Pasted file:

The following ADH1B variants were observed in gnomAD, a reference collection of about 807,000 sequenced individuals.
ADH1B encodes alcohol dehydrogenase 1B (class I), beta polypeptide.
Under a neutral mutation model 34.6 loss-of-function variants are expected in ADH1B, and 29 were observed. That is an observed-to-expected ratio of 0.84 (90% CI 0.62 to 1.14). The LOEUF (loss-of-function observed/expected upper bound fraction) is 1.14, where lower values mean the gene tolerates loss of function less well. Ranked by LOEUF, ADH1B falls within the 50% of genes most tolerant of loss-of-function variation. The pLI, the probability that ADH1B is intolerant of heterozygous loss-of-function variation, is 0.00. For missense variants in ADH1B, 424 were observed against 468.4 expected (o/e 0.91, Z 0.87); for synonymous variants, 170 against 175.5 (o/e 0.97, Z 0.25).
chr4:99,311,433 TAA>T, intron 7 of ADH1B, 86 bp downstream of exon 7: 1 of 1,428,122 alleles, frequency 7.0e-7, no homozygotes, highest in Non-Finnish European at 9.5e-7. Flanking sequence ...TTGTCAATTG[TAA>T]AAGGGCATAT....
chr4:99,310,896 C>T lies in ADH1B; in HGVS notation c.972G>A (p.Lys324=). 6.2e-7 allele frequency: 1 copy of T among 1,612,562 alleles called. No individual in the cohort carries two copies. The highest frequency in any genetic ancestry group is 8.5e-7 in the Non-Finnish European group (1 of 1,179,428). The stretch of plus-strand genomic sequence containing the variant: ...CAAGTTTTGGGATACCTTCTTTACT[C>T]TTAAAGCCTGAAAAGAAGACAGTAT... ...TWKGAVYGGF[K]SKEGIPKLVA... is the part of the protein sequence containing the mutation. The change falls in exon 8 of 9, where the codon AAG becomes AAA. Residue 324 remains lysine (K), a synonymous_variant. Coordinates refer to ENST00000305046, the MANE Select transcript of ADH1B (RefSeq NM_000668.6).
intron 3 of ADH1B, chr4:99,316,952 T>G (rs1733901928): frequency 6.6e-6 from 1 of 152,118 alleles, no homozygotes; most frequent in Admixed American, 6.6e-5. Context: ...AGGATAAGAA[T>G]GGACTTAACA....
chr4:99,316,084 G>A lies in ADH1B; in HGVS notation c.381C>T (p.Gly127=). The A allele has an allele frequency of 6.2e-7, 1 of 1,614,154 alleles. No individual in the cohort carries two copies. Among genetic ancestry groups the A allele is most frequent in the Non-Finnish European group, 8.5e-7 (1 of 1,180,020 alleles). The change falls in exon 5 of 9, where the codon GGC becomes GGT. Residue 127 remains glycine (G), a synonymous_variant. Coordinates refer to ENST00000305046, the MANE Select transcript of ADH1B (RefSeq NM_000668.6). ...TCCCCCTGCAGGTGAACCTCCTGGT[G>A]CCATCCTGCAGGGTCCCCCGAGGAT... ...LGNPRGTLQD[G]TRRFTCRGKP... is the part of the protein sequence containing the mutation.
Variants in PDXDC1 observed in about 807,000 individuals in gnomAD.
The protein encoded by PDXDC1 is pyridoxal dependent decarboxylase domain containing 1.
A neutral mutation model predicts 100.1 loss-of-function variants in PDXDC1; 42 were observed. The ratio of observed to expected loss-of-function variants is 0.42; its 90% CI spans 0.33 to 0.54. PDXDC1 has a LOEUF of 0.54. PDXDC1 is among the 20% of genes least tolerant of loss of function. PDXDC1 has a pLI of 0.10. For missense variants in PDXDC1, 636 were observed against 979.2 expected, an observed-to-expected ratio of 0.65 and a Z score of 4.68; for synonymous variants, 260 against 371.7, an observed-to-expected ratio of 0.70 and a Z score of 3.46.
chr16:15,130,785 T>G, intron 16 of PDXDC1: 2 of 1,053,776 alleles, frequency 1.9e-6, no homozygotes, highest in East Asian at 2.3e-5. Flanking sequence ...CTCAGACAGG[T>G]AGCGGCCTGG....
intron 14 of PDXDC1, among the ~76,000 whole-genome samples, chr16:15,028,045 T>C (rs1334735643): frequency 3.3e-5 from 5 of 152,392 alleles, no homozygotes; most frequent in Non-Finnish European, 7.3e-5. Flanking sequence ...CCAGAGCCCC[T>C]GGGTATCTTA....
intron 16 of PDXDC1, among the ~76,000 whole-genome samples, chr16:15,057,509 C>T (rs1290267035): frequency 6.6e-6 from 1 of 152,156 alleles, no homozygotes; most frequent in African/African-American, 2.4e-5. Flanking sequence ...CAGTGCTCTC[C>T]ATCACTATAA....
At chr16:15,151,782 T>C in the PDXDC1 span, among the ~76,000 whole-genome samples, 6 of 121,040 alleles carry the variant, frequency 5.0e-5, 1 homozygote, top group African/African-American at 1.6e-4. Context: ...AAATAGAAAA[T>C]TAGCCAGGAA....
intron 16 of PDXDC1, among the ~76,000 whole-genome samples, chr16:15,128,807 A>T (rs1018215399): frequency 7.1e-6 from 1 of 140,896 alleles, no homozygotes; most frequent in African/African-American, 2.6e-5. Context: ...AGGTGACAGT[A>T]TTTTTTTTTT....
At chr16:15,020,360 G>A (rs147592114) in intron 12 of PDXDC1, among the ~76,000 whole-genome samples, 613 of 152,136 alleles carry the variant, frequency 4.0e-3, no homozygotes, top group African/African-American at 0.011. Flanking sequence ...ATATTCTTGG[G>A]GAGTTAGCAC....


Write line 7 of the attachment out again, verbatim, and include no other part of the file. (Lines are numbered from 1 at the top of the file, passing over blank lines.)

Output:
chr4:99,316,084 G>A lies in ADH1B; in HGVS notation c.381C>T (p.Gly127=). The A allele has an allele frequency of 6.2e-7, 1 of 1,614,154 alleles. No individual in the cohort carries two copies. Among genetic ancestry groups the A allele is most frequent in the Non-Finnish European group, 8.5e-7 (1 of 1,180,020 alleles). The change falls in exon 5 of 9, where the codon GGC becomes GGT. Residue 127 remains glycine (G), a synonymous_variant. Coordinates refer to ENST00000305046, the MANE Select transcript of ADH1B (RefSeq NM_000668.6). ...TCCCCCTGCAGGTGAACCTCCTGGT[G>A]CCATCCTGCAGGGTCCCCCGAGGAT... ...LGNPRGTLQD[G]TRRFTCRGKP... is the part of the protein sequence containing the mutation.